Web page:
To read about our monitor tests in-depth, please check out Display Testing Explained: How We Test PC Monitors. We cover brightness and contrast testing on page two.
Uncalibrated – Maximum Backlight Level
The U3224KB isn’t as bright as the Mini LED-equipped ViewSonic and Asus screens, but it offers plenty of output for a standard LED edge-lit panel. I came close to the claimed 450 nits and as you’ll see later in the HDR tests, the monitor is fully capable of 600 nits with a full-screen white pattern. You won’t need more light than this for its intended use and thanks to decent black levels, contrast is very good. It’s the blackest of the IPS screens here and manages to top 1,500:1. That’s a little short of Dell’s 2,000:1 claim, but I have no complaints about the U3224KB’s picture quality. It has excellent saturation and depth.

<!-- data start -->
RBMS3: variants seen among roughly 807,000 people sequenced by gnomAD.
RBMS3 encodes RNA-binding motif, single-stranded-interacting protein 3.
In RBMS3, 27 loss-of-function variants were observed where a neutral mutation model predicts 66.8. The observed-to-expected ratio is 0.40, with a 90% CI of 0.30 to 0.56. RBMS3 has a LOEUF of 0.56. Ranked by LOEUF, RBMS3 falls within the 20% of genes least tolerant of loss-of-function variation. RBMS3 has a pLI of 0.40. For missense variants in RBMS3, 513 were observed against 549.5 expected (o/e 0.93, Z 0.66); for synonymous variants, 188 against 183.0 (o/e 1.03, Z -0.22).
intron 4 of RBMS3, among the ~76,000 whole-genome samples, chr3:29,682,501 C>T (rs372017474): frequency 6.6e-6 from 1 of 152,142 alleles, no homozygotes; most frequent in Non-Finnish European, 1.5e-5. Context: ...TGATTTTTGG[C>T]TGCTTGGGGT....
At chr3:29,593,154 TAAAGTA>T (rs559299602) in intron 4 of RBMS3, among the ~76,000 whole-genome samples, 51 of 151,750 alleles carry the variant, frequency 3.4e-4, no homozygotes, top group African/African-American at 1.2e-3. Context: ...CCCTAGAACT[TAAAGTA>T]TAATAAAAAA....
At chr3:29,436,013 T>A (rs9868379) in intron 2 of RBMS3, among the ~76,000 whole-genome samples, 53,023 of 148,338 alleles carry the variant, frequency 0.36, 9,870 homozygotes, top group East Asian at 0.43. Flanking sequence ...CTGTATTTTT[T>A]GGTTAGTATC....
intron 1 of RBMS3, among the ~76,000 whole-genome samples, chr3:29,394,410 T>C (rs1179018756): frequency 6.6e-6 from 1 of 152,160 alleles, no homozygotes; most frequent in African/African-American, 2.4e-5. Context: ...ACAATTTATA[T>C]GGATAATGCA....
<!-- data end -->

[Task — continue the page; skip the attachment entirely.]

After Calibration to 200 nits
Calibration doesn’t alter the result, with the U3224KB maintaining its 1,500:1 ratio. It should be noted that the Samsung G8 employs dynamic contrast that cannot be switched off. That’s the reason for its very high ratio.
The U3224KB scores well in the ANSI test with a 1,438.6:1 result. It doesn’t get better than that for any IPS panel, in my experience. This is excellent performance.
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